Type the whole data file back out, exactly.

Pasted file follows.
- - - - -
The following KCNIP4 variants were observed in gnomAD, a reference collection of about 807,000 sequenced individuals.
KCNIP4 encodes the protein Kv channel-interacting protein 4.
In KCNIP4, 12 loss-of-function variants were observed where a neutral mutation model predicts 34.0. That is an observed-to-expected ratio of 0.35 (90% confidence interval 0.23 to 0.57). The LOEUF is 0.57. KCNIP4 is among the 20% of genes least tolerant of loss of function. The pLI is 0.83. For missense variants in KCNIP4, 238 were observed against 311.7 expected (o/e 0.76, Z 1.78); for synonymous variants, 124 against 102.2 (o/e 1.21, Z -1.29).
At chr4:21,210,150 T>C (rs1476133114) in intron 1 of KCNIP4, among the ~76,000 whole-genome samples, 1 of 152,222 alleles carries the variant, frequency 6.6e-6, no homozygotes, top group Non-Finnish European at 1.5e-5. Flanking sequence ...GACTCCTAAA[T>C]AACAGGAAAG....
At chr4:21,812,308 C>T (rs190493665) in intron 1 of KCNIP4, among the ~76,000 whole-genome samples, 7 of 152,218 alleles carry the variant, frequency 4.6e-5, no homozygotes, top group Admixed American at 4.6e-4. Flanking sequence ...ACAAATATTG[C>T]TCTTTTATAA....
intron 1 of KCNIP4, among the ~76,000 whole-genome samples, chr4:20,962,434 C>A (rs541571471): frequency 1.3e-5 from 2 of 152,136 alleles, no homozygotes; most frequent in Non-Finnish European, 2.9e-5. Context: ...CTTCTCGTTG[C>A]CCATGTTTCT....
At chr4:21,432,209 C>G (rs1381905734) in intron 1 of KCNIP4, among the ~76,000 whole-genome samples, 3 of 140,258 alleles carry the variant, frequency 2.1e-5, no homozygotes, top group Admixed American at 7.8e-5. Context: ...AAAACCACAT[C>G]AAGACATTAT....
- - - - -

The following KCNIP4 variants were observed in gnomAD, a reference collection of about 807,000 sequenced individuals.
KCNIP4 encodes the protein Kv channel-interacting protein 4.
In KCNIP4, 12 loss-of-function variants were observed where a neutral mutation model predicts 34.0. That is an observed-to-expected ratio of 0.35 (90% confidence interval 0.23 to 0.57). The LOEUF is 0.57. KCNIP4 is among the 20% of genes least tolerant of loss of function. The pLI is 0.83. For missense variants in KCNIP4, 238 were observed against 311.7 expected (o/e 0.76, Z 1.78); for synonymous variants, 124 against 102.2 (o/e 1.21, Z -1.29).
At chr4:21,210,150 T>C (rs1476133114) in intron 1 of KCNIP4, among the ~76,000 whole-genome samples, 1 of 152,222 alleles carries the variant, frequency 6.6e-6, no homozygotes, top group Non-Finnish European at 1.5e-5. Flanking sequence ...GACTCCTAAA[T>C]AACAGGAAAG....
At chr4:21,812,308 C>T (rs190493665) in intron 1 of KCNIP4, among the ~76,000 whole-genome samples, 7 of 152,218 alleles carry the variant, frequency 4.6e-5, no homozygotes, top group Admixed American at 4.6e-4. Flanking sequence ...ACAAATATTG[C>T]TCTTTTATAA....
intron 1 of KCNIP4, among the ~76,000 whole-genome samples, chr4:20,962,434 C>A (rs541571471): frequency 1.3e-5 from 2 of 152,136 alleles, no homozygotes; most frequent in Non-Finnish European, 2.9e-5. Context: ...CTTCTCGTTG[C>A]CCATGTTTCT....
At chr4:21,432,209 C>G (rs1381905734) in intron 1 of KCNIP4, among the ~76,000 whole-genome samples, 3 of 140,258 alleles carry the variant, frequency 2.1e-5, no homozygotes, top group Admixed American at 7.8e-5. Context: ...AAAACCACAT[C>G]AAGACATTAT....